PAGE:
18 Mar 2022 Improving ecological input to Construction Environmental Management Plans (CEMPs): Delivering Better Outcomes for Nature
Ecological mitigation identified in Construction Environmental Management Plans (CEMPs) is often presented in a way that makes it inaccessible to Construction Managers. This reduces the chances of effective implementation, leading to poorer outcomes for nature and undermining the impact assessment process.
In this article BSG Ecology Principal Consultant Tom Flynn explores how ecologists can translate the structure and terminology of an ecological impact assessment into more accessible text that will result in practical, deliverable CEMPs.
The purpose of a CEMP is to set out construction-stage environmental mitigation in sufficient detail to allow it to be incorporated into the construction programme and to be implemented on the ground. A CEMP will often be required by a planning condition, or may simply be produced to ensure that all mitigation committed to will be delivered and the risk of legal infringement reduced.
Ecologists input to both broadly environmental CEMPs (covering disciplines such as air quality, noise and hydrology) and ecology-led CEMPs. The latter, sometimes referred to as Construction Ecological Management Plans, or CEMP-Bs (with the B referring to biodiversity), are typically produced for large and complex projects that require substantial input from an ecological clerk of works (ECoW).
Guidance on the scope, structure and content of ecological input to CEMPs is provided in Section 10 of British Standard BS42020 Biodiversity – Code of practice for planning and development (BSI, 2013). BS42020 also notes the need for proportionality of detail, taking into account the scale of development and the potential risks to biodiversity.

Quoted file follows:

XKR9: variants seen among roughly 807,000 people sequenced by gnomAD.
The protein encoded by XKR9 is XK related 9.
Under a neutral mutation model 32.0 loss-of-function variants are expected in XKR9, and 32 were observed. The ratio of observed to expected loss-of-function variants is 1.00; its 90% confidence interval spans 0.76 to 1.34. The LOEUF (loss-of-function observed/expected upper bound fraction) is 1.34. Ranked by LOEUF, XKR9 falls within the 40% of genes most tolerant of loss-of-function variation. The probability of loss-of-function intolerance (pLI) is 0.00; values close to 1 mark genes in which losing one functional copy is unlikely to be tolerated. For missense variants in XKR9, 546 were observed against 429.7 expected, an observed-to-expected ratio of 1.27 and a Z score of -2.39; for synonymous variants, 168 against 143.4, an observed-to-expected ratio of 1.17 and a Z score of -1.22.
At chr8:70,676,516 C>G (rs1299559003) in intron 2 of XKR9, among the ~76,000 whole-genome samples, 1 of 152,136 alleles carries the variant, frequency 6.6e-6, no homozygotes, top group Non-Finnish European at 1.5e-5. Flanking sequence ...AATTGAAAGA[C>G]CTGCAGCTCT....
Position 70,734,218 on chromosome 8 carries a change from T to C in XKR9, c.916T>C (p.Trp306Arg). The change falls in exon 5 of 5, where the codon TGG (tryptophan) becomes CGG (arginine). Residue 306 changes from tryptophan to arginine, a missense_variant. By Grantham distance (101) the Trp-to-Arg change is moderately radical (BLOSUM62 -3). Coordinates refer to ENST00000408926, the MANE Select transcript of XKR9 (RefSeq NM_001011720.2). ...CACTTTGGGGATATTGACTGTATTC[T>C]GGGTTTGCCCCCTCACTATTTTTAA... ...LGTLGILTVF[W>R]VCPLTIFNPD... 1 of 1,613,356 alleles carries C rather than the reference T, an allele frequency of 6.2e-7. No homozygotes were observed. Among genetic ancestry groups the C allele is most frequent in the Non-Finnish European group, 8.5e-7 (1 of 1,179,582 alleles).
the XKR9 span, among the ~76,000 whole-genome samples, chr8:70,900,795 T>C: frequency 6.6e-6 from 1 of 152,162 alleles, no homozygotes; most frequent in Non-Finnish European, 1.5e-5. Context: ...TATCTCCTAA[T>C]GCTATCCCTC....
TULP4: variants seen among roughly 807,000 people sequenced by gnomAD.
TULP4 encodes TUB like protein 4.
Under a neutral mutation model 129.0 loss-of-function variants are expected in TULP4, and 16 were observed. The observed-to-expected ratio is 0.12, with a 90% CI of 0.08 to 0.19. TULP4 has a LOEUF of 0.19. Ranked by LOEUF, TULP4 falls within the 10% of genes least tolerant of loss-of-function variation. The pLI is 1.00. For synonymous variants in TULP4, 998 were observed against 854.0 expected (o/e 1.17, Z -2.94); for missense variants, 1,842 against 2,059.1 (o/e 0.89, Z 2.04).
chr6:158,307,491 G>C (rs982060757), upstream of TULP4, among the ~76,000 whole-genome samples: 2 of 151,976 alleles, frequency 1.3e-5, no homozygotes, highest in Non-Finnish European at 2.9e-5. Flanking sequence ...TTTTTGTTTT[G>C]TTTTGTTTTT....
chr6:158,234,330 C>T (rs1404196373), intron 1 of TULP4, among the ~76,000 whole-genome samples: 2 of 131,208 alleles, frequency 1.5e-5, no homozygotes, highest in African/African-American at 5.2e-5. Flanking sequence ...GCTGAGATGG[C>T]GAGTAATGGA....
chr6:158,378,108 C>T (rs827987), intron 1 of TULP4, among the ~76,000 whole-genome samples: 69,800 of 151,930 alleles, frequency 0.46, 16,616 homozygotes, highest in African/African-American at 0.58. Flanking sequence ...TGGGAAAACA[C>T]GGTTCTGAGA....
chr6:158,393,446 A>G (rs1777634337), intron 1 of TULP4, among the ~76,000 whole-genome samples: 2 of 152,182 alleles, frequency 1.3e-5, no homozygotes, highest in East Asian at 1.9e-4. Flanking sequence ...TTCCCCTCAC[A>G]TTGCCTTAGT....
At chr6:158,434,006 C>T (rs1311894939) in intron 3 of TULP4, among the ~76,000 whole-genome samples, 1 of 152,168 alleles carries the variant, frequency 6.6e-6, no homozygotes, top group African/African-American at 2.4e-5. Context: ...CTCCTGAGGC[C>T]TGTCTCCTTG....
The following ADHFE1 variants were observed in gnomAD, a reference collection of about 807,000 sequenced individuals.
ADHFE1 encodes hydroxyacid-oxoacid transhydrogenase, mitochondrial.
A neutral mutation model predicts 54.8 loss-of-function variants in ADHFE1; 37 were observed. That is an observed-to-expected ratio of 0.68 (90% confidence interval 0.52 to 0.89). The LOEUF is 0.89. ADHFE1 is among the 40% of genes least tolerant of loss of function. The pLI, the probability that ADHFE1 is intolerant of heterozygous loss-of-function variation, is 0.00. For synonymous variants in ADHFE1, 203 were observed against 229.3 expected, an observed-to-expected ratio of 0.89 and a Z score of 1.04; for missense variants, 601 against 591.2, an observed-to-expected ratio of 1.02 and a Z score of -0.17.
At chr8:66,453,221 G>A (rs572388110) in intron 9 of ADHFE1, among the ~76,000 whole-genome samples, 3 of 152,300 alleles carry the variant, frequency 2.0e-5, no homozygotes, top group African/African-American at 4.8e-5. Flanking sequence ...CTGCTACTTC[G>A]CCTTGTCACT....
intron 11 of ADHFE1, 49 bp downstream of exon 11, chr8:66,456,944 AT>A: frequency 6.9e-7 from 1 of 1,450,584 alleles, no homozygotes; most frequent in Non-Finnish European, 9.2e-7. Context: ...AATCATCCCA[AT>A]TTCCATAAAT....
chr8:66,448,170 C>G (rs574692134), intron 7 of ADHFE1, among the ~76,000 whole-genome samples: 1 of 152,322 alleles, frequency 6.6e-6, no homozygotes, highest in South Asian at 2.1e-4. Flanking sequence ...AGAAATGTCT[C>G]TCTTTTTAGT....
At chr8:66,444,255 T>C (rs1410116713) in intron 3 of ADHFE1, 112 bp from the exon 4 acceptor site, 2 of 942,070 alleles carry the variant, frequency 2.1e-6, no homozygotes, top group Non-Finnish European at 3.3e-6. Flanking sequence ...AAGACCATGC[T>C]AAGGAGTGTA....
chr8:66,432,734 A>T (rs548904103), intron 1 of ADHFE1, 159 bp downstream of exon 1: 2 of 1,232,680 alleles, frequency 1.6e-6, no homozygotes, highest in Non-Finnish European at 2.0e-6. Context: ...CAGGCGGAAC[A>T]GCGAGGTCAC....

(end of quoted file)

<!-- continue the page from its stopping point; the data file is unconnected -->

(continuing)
There are some practical issues with the guidance provided in BS42020, however. In particular it has the potential to direct the writer away from producing simple self-contained method statements that a Construction Manager without an ecological background is likely to find straightforward to interpret. In this context, it should be noted that only the largest and most complex developments will typically have an ecologist involved with the construction team.
A well-written CEMP should translate the aspirations of an Ecological Impact Assessment (EcIA) into clear, non-technical, task-specific actions the Construction Manager and wider team are able to understand and implement. I.e. it should identify and replace ‘ecology-speak’ with ‘construction-speak’ primarily through aligning recommendations with stages in / elements of the construction process, but also through the use of construction terms and minimising technical language. Contextual information should also be minimised; the primary aim should not be sign-off by the council ecology officer, but producing a practical working document for project implementation.
So what might this look like in practice? Typically within the ecology section of the CEMP there should be a series of actions or projects that cut across ecology topics as necessary. Vegetation clearance would typically be one such topic, the method for which would integrate mitigation for nesting birds, reptiles, etc. This is a step away from the structure of EcIA where mitigation is typically considered discretely as effects on each species / species group are assessed; and approach likely to be cumbersome for anyone trying to practically implement a CEMP.